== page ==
Agriculture: It is very rarely used in agriculture. It may be reacted with chelating agents to form solutions of zinc that are biologically available to plants and animals. It's the Chelate manufacturing that consumes Zinc chloride.
Petroleum: It is an excellent emulsion breaker and is used to separate oil from water. It is also an effective packer fluid in oil and gas wells due to its high specific gravity. However its a little more costly than the other low specific gravity fluids used in the process.
Water Treatment: It is used in specialty corrosion inhibitors in cooling towers, potable water, and in gas and oil wells.
Resins: It is used in Ion - Exchange resins production.
Paints: It is used in for the production of lithopone and as pigment for zinc chromate.
Rubber: It is used as accelerator in the vulcanizing process of rubber.
Glue, wood working: Zinc chloride is used in for the preservation of glue, and for the impregnation of timber.
Printing: It is used in off-set in the chemical products.
Odor Control: It reacts with sulfide to minimize release of H2S gas in waste treatment facilities.
Oil-Gas Wells: High-density solutions of Zinc chloride and Calcium chloride give good performance in well completion and work-over operations; the solutions also used as packer fluids under certain well conditions. ZnCl2 has been used in specialty corrosion inhibitors and invert emulsion breakers.
Vulcanized Fiber & Reclaimed Rubber: Water-leaf paper is gelatinized with zinc chloride solution is lesstacky, drier and less moisture-absorbent than caustic reclaimed rubber. The ZnCl2 not only dissolves the cellulosic fibers in the scrap, but also catalyzes depolymerization of the elastomer. Similar method is used for Rubber reclaimed from natural, styrene-butadiene rubber (SBR), and mixed scrap.
Animal drug: It is used for the production of zinc bacitracin.
Herbicide: Zinc chloride is used as an herbicide. It is used to control lichen and moss growing on the roofs of houses and other domestic dwellings, along walks, driveways, fences, and wherever moss grows.
Chemical: Zinc Chloride is used in the production of ethylacetate. It is used as condensing agent for the production of organic dye-stuff. It is used as a stabilizing agent for diazonium compounds. It is used for the production of active carbon. Zinc Chloride is used for Friedel Craft Reaction, Azotropic or Azeotropic Distillation, Desiccation & Karl Fischer. Zinc laurate, linoleate Stearate or resinate can be formed from zinc chloride solutions and solutions of the corresponding sodium salt. It is a Lewis acid and therefore electrophilic in character. Its catalytic activity is milder than that of aluminum chloride in, for example, Friedel-Crafts type reactions. It is particularly effective in catalyzing reactions that eliminate molecules of water, ammonia or mercaptans. Zinc chloride solutions gelatinize cellulosic materials and induce crosslinking in such polymer formers as the methylol ureas. It absorbs readily on charcoal or silica for catalyzing acylations and alkylations by Friedel-Crafts synthesis. In esterifications and condensation reactions, it facilitates the elimination of water or ammonia molecules from the reactants. One example is the Fischer idole synthesis.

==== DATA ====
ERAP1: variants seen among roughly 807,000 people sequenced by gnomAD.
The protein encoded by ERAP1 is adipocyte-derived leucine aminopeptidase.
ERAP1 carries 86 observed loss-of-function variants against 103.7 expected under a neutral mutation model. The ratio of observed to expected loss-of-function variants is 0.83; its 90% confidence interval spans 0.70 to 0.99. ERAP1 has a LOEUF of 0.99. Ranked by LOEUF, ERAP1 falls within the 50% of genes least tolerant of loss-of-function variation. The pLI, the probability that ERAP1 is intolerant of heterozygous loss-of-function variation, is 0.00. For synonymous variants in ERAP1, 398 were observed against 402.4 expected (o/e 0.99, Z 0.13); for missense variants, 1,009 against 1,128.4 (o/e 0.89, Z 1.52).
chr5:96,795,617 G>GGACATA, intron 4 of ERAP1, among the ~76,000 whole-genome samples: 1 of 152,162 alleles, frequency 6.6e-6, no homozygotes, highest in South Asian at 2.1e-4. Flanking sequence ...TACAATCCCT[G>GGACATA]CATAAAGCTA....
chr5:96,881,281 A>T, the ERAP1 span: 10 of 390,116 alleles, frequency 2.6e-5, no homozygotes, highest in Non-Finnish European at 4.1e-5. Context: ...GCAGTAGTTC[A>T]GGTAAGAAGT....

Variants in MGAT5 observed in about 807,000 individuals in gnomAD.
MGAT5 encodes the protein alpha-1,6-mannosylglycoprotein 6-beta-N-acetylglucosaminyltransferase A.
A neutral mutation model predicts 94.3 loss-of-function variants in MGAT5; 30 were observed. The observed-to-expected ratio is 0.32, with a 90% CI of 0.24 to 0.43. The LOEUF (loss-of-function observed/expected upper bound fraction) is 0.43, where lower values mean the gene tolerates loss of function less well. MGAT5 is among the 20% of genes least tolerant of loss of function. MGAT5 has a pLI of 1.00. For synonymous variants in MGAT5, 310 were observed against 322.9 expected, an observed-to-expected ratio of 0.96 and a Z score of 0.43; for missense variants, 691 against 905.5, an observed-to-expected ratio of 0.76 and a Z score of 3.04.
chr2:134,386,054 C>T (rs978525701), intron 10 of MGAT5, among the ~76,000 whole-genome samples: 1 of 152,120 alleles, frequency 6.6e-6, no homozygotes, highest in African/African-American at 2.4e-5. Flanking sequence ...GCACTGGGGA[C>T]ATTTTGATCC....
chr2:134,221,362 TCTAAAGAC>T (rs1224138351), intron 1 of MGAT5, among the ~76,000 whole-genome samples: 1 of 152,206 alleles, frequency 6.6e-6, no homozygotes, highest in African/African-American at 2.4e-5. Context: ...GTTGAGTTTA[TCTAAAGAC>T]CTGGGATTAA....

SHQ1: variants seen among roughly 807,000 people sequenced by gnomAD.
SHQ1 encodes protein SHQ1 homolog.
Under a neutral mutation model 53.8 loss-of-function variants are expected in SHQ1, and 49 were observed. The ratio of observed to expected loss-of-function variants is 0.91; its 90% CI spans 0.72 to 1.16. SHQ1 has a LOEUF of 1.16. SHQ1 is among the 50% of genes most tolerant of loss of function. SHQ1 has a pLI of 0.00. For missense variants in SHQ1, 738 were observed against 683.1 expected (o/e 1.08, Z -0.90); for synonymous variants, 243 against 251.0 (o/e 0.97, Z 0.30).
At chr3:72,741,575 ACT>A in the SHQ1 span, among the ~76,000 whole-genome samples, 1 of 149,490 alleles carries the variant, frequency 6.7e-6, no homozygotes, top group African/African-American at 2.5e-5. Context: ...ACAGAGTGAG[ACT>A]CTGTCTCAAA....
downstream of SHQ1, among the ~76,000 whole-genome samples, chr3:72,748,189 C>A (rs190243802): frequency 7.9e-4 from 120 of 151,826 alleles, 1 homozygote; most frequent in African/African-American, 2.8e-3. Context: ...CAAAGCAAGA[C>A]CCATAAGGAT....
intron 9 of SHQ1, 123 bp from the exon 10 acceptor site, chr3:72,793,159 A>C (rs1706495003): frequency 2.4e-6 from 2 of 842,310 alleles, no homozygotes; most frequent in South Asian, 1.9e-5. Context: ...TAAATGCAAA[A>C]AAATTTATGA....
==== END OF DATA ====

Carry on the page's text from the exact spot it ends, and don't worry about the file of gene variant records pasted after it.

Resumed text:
Zinc chloride has been used as a catalyst in production of methylene chloride from methyl alcohol.
In the textile industry it has found use in resin systems to impart durable press to cotton and synthetic fabrics.
It has been used in reclaiming rubber where it dissolves rayon cord.
In conjunction with sodium dichromate it has made an excellent wood preservative.
It has found use in the manufacture of glue, diazo dyes, paper, cosmetics, rayon, synthetic fibers, disinfectants and fire fighting foam.
In ore refining it has been used as a flotation agent.
It is an excellent source of zinc as a starting material in the production of other zinc chemicals and is an effective catalyst for removing molecules of water, ammonia or mercaptants.
Zinc chloride is used for Friedel Craft Reaction, Azotropic or Azeotropic Distillation, Desiccation & Karl Fischer.
In the laboratory, Zinc chloride finds wide use, principally as a moderate-strength Lewis acid. It can catalyze the Fischer indole synthesis and also Friedel-Crafts acylation reactions involving activated aromatic rings.
Related to the latter is the classical preparation of the dye fluorescein from phthalic anhydride and resorcinol, which involves a Friedel-Crafts acylation.
Hydrochloric acid alone reacts poorly with primary alcohols and secondary alcohols, but a combination of HCl with ZnCl2 (known together as the "Lucas reagent") at 130C is effective for the preparation of alkyl chlorides. This probably reacts via an SN2 mechanism with primary alcohols but via SN1 with secondary alcohols.
ZnCl2 is also able to activate benzylic and allylic halides towards substitution by weak nucleophiles such as alkenes.
In similar fashion, it promotes selective NaBH3CN reduction of tertiary, allylic or benzylic halides to the corresponding hydrocarbons.
Zinc chloride is also a useful starting point for the synthesis of many organozinc reagents, such as those used in the palladium catalyzed Negishi coupling with aryl halides or vinyl halides. In such cases the organozinc compound is usually prepared by transmetallation from an organolithium or a Grignard reagent.
Zinc enolates, prepared from alkali metal enolates and ZnCl2, provide control of stereochemistry in aldol condensation reactions due to chelation on to the zinc. This is because the chelate is more stable when the bulky phenyl group is pseudo-equatorial rather than pseudo-axial, i.e., threo rather than erythro.
Zinc Chloride ACS Analytical Reagent AR
Zinc Chloride IP BP USP
Zinc Chloride Liquid Solution
Zinc Ammonium Chloride
Zinc Chloride BP USP Anhydrous Solution manufacturers: